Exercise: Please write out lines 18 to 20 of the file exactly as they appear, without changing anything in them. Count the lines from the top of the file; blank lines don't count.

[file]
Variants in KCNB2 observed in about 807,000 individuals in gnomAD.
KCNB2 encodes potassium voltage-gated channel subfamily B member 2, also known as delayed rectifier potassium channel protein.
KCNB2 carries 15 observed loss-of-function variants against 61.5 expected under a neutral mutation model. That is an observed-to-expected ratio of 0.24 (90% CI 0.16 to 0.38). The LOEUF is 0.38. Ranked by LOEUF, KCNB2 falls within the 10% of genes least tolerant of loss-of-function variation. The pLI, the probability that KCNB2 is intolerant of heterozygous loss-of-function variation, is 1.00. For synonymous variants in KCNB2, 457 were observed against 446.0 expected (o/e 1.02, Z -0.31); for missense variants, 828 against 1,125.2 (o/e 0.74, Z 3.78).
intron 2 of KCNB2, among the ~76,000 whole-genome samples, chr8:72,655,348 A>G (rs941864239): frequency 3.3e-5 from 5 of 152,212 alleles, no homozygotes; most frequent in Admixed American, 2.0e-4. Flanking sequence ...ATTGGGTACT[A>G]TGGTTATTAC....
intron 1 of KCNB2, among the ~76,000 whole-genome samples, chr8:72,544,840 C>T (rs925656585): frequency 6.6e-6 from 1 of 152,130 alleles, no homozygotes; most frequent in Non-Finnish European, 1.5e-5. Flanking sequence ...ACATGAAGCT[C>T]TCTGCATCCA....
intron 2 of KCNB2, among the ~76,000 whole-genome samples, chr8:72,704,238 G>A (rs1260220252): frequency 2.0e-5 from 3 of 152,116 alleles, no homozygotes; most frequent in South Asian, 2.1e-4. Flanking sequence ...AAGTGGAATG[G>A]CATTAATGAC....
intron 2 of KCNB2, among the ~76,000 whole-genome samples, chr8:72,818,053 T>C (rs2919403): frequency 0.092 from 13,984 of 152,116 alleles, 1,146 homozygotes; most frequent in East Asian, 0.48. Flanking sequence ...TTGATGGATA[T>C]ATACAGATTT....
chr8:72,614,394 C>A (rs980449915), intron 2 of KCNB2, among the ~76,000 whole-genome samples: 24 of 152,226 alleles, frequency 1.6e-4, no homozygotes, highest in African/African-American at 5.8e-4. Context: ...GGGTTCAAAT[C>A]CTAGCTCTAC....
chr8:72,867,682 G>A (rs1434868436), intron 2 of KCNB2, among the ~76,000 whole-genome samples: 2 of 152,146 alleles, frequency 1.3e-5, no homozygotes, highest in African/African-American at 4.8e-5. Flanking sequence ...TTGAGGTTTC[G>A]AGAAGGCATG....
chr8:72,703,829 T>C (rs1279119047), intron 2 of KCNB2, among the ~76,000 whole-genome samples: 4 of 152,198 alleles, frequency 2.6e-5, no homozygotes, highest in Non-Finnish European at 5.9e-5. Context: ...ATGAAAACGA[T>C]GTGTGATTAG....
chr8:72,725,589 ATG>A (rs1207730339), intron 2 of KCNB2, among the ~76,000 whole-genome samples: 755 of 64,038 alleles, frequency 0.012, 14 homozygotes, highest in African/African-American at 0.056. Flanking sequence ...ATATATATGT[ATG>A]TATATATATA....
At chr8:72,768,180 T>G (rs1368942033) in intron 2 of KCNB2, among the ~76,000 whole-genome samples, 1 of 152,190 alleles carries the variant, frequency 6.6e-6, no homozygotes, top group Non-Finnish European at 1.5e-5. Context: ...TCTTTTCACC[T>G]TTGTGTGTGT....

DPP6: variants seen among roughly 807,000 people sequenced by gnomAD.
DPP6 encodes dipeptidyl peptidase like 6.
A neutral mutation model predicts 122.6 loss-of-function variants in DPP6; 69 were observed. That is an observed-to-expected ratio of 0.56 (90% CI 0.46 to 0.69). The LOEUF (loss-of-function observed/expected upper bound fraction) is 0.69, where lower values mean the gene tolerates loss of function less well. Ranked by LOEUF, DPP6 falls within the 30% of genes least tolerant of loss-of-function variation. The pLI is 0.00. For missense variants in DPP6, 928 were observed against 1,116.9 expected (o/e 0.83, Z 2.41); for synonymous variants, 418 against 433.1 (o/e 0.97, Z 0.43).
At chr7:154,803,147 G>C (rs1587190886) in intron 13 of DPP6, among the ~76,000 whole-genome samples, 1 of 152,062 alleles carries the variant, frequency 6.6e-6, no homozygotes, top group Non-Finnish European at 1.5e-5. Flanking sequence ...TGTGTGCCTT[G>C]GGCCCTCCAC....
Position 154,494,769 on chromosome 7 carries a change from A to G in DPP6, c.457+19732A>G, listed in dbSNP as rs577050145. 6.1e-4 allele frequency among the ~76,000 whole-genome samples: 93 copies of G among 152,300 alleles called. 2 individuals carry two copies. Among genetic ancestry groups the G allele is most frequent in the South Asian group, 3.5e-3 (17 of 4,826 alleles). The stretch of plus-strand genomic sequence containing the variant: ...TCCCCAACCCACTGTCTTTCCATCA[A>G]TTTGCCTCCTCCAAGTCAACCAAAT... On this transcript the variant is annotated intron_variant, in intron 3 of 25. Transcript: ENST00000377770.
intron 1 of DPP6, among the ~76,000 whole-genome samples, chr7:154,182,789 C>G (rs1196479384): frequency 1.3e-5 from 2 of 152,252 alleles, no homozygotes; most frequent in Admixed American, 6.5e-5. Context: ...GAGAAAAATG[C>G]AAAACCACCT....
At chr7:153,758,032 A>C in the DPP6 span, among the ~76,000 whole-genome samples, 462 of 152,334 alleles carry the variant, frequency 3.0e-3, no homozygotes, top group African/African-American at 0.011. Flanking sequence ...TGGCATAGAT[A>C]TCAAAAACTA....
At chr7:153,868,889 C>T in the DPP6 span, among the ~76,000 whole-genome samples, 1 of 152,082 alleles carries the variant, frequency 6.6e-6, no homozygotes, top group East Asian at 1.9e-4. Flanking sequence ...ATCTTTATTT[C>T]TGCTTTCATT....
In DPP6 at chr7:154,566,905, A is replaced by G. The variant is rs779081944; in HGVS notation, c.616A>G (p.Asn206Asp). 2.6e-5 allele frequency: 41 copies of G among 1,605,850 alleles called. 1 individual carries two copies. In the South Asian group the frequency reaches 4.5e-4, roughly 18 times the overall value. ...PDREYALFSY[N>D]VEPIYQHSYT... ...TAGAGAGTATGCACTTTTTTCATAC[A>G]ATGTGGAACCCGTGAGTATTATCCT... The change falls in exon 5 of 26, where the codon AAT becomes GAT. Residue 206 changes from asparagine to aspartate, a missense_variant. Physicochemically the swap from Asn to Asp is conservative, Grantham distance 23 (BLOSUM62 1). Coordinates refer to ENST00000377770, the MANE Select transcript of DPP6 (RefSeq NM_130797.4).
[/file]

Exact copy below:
intron 1 of DPP6, among the ~76,000 whole-genome samples, chr7:154,182,789 C>G (rs1196479384): frequency 1.3e-5 from 2 of 152,252 alleles, no homozygotes; most frequent in Admixed American, 6.5e-5. Context: ...GAGAAAAATG[C>G]AAAACCACCT....
At chr7:153,758,032 A>C in the DPP6 span, among the ~76,000 whole-genome samples, 462 of 152,334 alleles carry the variant, frequency 3.0e-3, no homozygotes, top group African/African-American at 0.011. Flanking sequence ...TGGCATAGAT[A>C]TCAAAAACTA....
At chr7:153,868,889 C>T in the DPP6 span, among the ~76,000 whole-genome samples, 1 of 152,082 alleles carries the variant, frequency 6.6e-6, no homozygotes, top group East Asian at 1.9e-4. Flanking sequence ...ATCTTTATTT[C>T]TGCTTTCATT....